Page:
The ability to form anticipatory representations of ongoing actions is crucial for effective interactions in dynamic environments. In sports, elite athletes exhibit greater ability than novices in predicting other players' actions, mainly based on reading their body kinematics. This superior perceptual ability has been associated with a modulation of visual and motor areas by visual and motor expertise. Here, we investigated the causative role of visual and motor action representations in experts' ability to predict the outcome of soccer actions. We asked expert soccer players (outfield players and goalkeepers) and novices to predict the direction of the ball after perceiving the initial phases of penalty kicks that contained or not incongruent body kinematics. During the task we applied repetitive transcranial magnetic stimulation (rTMS) over the superior temporal sulcus (STS) and the dorsal premotor cortex (PMd). Results showed that STS-rTMS disrupted performance in both experts and novices, especially in those with greater visual expertise (i.e., goalkeepers). Conversely, PMd-rTMS impaired performance only in expert players (i.e., outfield players and goalkeepers), who exhibit strong motor expertise into facing domain-specific actions in soccer games. These results provide causative evidence of the complimentary functional role of visual and motor action representations in experts' action prediction.
Study flow.
Neural changes associated with ABM training. Whole brain, random-effects analyses indicated three-way interactions (Group  Time  Condition) in the right and left amygdala: [right: (16, À 1, À9), 54 voxels (844 mm 3 ), F(4,112) ¼ 4.3, p < 0.05 corrected; left: (À19, 1, À11), 49 voxels (766 mm 3 ), F(4,112) ¼ 5.4, p < 0.05 corrected]. To decompose this three-way interaction, the percent signal-change values, relative to fixation, across significant voxels in each whole-brain cluster were averaged for each condition for each participant. Post-hoc analysis examined the threat bias contrast (i.e. threat incongruent > congruent).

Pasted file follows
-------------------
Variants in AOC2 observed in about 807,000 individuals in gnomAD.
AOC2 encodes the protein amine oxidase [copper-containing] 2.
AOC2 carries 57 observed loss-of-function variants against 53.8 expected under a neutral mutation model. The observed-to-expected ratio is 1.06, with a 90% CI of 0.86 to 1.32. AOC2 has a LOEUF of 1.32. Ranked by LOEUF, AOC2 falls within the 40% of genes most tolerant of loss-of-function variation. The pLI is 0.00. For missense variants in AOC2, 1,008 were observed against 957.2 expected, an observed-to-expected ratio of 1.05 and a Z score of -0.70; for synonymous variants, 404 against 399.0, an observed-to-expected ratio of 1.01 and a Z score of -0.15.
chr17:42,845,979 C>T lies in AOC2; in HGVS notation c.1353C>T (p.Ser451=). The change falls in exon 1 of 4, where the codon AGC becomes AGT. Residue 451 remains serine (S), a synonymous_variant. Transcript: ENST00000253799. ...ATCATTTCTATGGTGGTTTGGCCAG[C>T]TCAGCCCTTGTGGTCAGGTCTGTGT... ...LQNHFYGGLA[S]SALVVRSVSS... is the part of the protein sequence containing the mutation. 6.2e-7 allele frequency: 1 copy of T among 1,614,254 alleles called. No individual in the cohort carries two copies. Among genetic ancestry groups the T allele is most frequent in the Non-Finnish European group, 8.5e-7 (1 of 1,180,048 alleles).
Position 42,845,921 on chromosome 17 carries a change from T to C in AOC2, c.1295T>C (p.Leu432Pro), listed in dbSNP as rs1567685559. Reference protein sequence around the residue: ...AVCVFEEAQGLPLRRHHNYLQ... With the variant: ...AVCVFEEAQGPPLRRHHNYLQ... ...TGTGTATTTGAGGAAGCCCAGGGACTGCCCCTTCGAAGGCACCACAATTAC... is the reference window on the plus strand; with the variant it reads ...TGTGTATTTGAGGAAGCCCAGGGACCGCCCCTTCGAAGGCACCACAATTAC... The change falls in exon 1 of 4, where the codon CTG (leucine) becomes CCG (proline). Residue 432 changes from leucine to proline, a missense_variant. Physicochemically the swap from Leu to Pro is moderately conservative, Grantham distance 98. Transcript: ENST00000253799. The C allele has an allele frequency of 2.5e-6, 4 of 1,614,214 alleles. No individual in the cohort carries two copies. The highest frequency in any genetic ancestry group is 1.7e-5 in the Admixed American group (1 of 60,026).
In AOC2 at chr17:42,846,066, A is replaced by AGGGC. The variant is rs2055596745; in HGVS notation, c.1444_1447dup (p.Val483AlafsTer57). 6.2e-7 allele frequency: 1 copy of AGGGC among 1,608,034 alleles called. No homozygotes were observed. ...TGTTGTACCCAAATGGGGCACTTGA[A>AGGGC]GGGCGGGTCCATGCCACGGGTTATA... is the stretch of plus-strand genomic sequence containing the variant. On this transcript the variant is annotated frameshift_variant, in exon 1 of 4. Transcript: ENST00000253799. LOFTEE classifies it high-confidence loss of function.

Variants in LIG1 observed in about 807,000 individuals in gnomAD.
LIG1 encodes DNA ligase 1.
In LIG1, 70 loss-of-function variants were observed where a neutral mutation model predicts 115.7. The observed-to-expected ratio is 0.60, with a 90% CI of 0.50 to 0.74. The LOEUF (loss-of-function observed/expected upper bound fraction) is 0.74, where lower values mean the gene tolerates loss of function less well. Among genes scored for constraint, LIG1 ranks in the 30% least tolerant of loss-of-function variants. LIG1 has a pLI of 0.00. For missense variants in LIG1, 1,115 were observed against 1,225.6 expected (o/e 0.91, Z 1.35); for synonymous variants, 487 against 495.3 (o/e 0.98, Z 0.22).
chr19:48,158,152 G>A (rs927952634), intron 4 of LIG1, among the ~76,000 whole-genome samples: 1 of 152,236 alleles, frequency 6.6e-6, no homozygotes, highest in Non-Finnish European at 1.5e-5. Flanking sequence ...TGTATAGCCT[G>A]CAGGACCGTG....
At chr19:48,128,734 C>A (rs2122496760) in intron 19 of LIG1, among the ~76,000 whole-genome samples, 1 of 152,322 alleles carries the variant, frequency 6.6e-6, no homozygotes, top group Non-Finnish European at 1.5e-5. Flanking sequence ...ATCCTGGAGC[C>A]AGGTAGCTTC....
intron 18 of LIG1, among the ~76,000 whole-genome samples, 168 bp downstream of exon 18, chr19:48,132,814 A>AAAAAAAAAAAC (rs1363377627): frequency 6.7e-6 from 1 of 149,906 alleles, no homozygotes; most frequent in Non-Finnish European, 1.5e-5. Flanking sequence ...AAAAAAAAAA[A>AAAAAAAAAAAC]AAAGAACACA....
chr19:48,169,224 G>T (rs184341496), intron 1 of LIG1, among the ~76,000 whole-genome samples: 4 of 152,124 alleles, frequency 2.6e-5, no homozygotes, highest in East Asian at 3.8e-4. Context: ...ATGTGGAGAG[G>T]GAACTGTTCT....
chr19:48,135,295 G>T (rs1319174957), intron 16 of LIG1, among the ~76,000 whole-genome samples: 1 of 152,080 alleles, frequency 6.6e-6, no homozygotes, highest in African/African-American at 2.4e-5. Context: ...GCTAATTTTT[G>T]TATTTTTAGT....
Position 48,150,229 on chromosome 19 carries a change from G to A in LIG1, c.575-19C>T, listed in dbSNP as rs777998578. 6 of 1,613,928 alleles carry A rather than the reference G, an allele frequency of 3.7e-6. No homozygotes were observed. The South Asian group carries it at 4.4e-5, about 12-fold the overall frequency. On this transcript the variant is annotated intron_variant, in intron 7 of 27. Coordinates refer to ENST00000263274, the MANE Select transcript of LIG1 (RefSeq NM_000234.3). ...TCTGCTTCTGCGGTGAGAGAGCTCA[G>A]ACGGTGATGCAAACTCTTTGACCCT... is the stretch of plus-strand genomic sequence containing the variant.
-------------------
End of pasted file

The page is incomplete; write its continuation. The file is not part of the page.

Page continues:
Parameters from step regression model predicting symptom reduction change using screening measures
Attention bias modification (ABM) procedures typically reduce anxiety symptoms, yet little is known about the neural changes associated with this behavioral treatment. Healthy adults with high social anxiety symptoms (n = 53) were randomized to receive either active or placebo ABM. Unlike placebo ABM, active ABM aimed to train individuals’ attention away from threat. Using the dot-probe task, threat-related attention bias was measured during magnetic resonance imaging before and after acute and extended training over 4 weeks. A subset of participants completed all procedures (n = 30, 15 per group). Group differences in neural activation were identified using standard analyses. Linear regression tested predictive factors of symptom reduction (i.e., training group, baseline indices of threat bias). The active and placebo groups exhibited different patterns of right and left amygdala activation with training. Across all participants irrespective of group, individuals with greater left amygdala activation in the threat-bias contrast prior to training exhibited greater symptom reduction. After accounting for baseline amygdala activation, greater symptom reduction was associated with assignment to the active training group. Greater left amygdala activation at baseline predicted reductions in social anxiety symptoms following ABM. Further research is needed to clarify brain-behavior mechanisms associated with ABM training.